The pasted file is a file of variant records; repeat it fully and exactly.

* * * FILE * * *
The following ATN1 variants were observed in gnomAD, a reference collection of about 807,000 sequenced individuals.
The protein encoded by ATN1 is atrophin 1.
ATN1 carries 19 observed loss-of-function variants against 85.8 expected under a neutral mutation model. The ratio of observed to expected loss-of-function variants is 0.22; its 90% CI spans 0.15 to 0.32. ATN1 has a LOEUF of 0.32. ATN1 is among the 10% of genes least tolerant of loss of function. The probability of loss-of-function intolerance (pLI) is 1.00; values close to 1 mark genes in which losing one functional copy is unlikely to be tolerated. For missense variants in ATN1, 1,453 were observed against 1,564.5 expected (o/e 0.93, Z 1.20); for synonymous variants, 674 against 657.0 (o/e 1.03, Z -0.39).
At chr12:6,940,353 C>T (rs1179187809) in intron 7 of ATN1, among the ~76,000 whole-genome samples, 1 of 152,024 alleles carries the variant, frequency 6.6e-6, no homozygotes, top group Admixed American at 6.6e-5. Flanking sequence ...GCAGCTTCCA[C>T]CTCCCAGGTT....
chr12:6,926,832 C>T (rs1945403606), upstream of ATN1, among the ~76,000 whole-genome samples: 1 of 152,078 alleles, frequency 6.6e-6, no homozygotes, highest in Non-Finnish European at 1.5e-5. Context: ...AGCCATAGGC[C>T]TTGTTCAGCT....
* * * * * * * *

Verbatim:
The following ATN1 variants were observed in gnomAD, a reference collection of about 807,000 sequenced individuals.
The protein encoded by ATN1 is atrophin 1.
ATN1 carries 19 observed loss-of-function variants against 85.8 expected under a neutral mutation model. The ratio of observed to expected loss-of-function variants is 0.22; its 90% CI spans 0.15 to 0.32. ATN1 has a LOEUF of 0.32. ATN1 is among the 10% of genes least tolerant of loss of function. The probability of loss-of-function intolerance (pLI) is 1.00; values close to 1 mark genes in which losing one functional copy is unlikely to be tolerated. For missense variants in ATN1, 1,453 were observed against 1,564.5 expected (o/e 0.93, Z 1.20); for synonymous variants, 674 against 657.0 (o/e 1.03, Z -0.39).
At chr12:6,940,353 C>T (rs1179187809) in intron 7 of ATN1, among the ~76,000 whole-genome samples, 1 of 152,024 alleles carries the variant, frequency 6.6e-6, no homozygotes, top group Admixed American at 6.6e-5. Flanking sequence ...GCAGCTTCCA[C>T]CTCCCAGGTT....
chr12:6,926,832 C>T (rs1945403606), upstream of ATN1, among the ~76,000 whole-genome samples: 1 of 152,078 alleles, frequency 6.6e-6, no homozygotes, highest in Non-Finnish European at 1.5e-5. Context: ...AGCCATAGGC[C>T]TTGTTCAGCT....